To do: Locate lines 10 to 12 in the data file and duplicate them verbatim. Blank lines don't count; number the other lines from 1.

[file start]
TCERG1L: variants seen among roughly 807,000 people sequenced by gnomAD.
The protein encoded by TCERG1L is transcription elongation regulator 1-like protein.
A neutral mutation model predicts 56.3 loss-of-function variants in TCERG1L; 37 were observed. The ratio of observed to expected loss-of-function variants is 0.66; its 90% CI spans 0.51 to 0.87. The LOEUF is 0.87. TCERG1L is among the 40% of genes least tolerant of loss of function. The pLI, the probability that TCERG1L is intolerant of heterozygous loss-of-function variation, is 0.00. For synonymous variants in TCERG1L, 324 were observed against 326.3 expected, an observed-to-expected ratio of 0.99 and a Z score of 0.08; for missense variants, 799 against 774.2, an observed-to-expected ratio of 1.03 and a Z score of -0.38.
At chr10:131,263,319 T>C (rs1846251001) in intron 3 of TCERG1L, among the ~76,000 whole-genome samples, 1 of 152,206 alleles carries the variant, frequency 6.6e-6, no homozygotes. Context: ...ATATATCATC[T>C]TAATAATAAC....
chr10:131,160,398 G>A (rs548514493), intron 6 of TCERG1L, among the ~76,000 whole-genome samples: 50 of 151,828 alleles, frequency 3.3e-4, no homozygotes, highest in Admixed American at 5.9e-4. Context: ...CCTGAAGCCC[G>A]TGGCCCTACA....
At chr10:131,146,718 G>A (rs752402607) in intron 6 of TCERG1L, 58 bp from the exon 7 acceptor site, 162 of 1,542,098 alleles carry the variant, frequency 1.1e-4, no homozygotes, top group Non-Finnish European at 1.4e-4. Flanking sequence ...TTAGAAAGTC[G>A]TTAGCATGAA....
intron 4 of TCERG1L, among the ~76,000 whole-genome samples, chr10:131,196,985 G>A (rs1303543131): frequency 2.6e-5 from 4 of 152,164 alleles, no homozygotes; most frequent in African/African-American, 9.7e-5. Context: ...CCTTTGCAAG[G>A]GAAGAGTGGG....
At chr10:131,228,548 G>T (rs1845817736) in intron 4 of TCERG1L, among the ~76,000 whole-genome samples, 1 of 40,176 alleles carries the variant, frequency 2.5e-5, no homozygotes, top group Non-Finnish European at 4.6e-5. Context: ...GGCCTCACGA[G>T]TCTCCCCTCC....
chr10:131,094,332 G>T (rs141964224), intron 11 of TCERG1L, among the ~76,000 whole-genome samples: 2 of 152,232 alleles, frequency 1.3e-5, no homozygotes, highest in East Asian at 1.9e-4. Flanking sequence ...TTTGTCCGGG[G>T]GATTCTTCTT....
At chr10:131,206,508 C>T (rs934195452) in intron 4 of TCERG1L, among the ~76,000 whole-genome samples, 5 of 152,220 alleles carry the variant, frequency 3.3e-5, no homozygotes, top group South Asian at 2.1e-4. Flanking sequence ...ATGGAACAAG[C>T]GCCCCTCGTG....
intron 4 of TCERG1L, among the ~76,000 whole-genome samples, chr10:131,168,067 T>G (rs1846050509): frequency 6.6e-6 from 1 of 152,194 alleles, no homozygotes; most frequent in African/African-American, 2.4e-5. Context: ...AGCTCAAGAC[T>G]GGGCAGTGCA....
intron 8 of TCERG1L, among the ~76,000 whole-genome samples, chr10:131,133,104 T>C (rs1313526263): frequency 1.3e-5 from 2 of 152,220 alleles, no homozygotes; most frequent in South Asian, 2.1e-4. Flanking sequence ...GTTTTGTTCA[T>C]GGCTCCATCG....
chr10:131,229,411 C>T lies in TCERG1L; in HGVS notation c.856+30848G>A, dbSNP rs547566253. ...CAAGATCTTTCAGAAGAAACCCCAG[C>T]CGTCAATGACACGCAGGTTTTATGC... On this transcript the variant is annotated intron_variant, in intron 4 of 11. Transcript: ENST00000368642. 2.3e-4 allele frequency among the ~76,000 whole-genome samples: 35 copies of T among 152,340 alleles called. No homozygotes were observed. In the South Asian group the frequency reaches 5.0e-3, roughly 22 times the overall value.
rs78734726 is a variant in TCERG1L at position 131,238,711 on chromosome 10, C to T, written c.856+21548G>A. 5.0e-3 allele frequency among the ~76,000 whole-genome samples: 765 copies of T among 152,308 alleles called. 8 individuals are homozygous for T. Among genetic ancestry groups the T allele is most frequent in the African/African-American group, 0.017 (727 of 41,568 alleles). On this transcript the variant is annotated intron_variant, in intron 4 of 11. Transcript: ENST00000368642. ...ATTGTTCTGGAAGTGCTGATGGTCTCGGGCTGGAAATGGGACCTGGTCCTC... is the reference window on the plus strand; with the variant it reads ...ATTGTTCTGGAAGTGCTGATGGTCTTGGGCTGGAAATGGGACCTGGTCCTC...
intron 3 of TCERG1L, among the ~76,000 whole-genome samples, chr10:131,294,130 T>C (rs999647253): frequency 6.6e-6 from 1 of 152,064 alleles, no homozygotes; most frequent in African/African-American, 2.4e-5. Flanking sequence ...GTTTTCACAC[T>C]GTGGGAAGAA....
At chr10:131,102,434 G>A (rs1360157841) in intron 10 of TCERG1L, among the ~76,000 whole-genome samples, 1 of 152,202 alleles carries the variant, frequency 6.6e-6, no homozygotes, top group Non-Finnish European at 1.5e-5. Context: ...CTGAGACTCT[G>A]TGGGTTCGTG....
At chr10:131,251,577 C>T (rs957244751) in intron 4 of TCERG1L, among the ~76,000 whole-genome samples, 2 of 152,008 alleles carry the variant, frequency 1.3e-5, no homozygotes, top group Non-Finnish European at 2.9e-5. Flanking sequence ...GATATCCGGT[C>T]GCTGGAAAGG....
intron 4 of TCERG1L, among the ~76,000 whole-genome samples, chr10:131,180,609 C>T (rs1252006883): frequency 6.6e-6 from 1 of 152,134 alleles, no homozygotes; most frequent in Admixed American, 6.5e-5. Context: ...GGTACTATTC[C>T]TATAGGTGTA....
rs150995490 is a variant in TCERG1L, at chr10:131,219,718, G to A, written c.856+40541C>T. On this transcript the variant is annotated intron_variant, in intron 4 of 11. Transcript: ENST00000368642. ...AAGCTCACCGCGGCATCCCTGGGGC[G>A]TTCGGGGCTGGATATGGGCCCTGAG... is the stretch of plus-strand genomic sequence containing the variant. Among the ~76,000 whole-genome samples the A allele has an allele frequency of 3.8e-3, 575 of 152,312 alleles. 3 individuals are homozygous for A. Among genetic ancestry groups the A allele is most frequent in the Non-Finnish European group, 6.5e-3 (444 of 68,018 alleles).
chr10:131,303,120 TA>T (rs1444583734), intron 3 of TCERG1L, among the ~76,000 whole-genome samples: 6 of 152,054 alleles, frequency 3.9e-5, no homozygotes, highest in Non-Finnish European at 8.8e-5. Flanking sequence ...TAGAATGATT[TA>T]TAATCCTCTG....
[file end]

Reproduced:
At chr10:131,206,508 C>T (rs934195452) in intron 4 of TCERG1L, among the ~76,000 whole-genome samples, 5 of 152,220 alleles carry the variant, frequency 3.3e-5, no homozygotes, top group South Asian at 2.1e-4. Flanking sequence ...ATGGAACAAG[C>T]GCCCCTCGTG....
intron 4 of TCERG1L, among the ~76,000 whole-genome samples, chr10:131,168,067 T>G (rs1846050509): frequency 6.6e-6 from 1 of 152,194 alleles, no homozygotes; most frequent in African/African-American, 2.4e-5. Context: ...AGCTCAAGAC[T>G]GGGCAGTGCA....
intron 8 of TCERG1L, among the ~76,000 whole-genome samples, chr10:131,133,104 T>C (rs1313526263): frequency 1.3e-5 from 2 of 152,220 alleles, no homozygotes; most frequent in South Asian, 2.1e-4. Flanking sequence ...GTTTTGTTCA[T>C]GGCTCCATCG....